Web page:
Overview of the Stem and Leaf Plot

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Data can be shown in a variety of ways including graphs, charts, and tables. A stem and leaf plot is a type of graph that is similar to a histogram but shows more information by summarizing the shape of a set of data (the distribution) and providing extra detail regarding individual values.

This data is arranged by place value where the digits in the largest place are referred to as the stem while the digits in the smallest value or values are referred to as the leaf or leaves, which are displayed to the right of the stem on the diagram.

Stem and leaf plots are great organizers for large amounts of information. However, it is also helpful to have an understanding of the mean, median and the mode of data sets in general, so be sure to review these concepts prior to beginning work with stem and leaf plots. 

Using Stem and Leaf Plot Diagrams

Stem and leaf plot graphs are usually used when there are large amounts of numbers to analyze. Some examples of common uses of these graphs are to track series of scores on sports teams, series of temperatures or rainfall over a period of time, and series of classroom test scores. Check out this example of test scores below:

Test Scores Out Of 100
  Stem  Leaf
  9  2 2 6 8
  8  3 5
  7  2 4 6 8 8 9
  6  1 4 4 7 8
  5  0 0 2 8 8

Here, the Stem shows the 'tens' and the leaf. At a glance, one can see that 4 students got a mark in the 90s on their test out of 100. Two students received the same mark of 92; that no marks were received that fell below 50, and that no mark of 100 was received.

When you count the total amount of leaves, you know how many students took the test. As you can tell, stem and leaf plots provide an "at a glance" tool for specific information in large sets of data. Otherwise one would have a long list of marks to sift through and analyze.

This form of data analysis can be used to find medians, determine totals, and define the modes of data sets, providing valuable insight into trends and patterns in large datasets that can then be used to adjust parameters that might affect those results.

In this instance, a teacher would need to ensure that the 16 students who made below an 80 truly understood the concepts on the test. Because 10 of those students failed the test, which accounts for almost half of the class of 22 students, the teacher might need to try a different method that the failing group of students could understand.

Using Stem and Leaf Graphs for Multiple Sets of Data

To compare two sets of data, you can use a "back to back" stem and leaf plot. For instance, if you wanted to compare the scores of two sports teams, you would use the following stem and leaf plot:

 Leaf Stem Leaf
 Tigers  Sharks
 0 3 7 9 3 2 2
 2 8 4 3 5 5
 1 3 9 7 5 4 6 8 8 9

The tens column is now in the middle, and the ones column is to the right and left of the stem column. You can see that the Sharks had more games with a higher score than the Tigers because the Sharks only had 2 games with a score of 32 while the Tigers had 4 games, a 30, a 33, a 37 and a 39. You can also see that the Sharks and the Tigers tied for the highest score of all — a 59.

Sports fans often use these stem and leaf graphs to represent their teams' scores to compare success. Sometimes, when the record for wins is tied within a football league, the higher-ranked team will be determined by examining data sets that are more easily observable here including the median and mean of the two teams' scores.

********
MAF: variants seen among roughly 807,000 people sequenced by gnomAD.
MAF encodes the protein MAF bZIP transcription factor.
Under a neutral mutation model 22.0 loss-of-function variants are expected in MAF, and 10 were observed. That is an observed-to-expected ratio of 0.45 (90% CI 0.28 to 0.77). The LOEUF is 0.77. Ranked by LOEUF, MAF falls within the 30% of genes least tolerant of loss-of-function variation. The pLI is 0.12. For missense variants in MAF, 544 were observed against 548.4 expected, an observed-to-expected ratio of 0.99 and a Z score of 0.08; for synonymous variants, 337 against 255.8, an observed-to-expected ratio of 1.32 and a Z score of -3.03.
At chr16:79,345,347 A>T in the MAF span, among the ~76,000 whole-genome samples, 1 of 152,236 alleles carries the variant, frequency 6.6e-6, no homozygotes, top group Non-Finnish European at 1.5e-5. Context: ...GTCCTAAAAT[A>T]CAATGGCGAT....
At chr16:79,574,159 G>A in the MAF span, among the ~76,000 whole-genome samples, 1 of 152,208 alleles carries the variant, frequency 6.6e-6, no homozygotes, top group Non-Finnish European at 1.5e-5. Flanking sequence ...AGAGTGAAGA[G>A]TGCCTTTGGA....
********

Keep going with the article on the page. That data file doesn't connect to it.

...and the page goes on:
Stem and leaf graphs can be infinitely expanded to include multiple sets of data, but it could get confusing if not properly separated by stems. For comparing three or more sets of data, it's recommended that each data set is separated by an identical stem.

Practice Using Stem and Leaf Plots

Try your own Stem and Leaf Plot with the following temperatures for June. Then, determine the median for the temperatures:

77 80 82 68 65 59 61
57 50 62 61 70 69 64
67 70 62 65 65 73 76
87 80 82 83 79 79 71
80 77

Once you've sorted the data by value and grouped them by tens digit, put them into a graph labeled temperatures with the left column, the stem, labeled "Tens" and the right column labeled "Ones," then fill in the corresponding Temperatures as they occur above. Once you've done this, read on to check your answer.

How to Solve to Practice Problem

Now that you've had a chance to try this problem on your own, read on to see an example of the correct way to format this data set as a stem and leaf plot graph.

 Tens Ones
 5 0 7 9
 6 1 1 2 2 4 5 5 5  7 8 9
 7 0 0 1 3 6 7 7 9  9
 8 0 0 0 2 2 3 7

You should always begin with the lowest number, or in this case temperature: 50. Since 50 was the lowest temperature of the month, enter a 5 in the tens column and a 0 in the ones column, then observe the data set for the next lowest temperature: 57. As before, write a 7 in the ones column to denote that one instance of 57 occurred, then proceed to the next-lowest temperature of 59 and write a 9 in the ones column.

Then, find all of the temperatures that were in the 60's, 70's, and 80's and write each temperature's corresponding ones value in the ones column. If you've done it correctly, it should yield a steam and leaf plot graph that looks like the one on the left.

To find the median, count all the days in the month — which in the case of June is 30. Then divide 30 in half to get 15; then count either up from the lowest temperature 50 or down from the highest temperature of 87 until you get to the 15th number in the data set; which in this case is 70 (It is your median value in the dataset).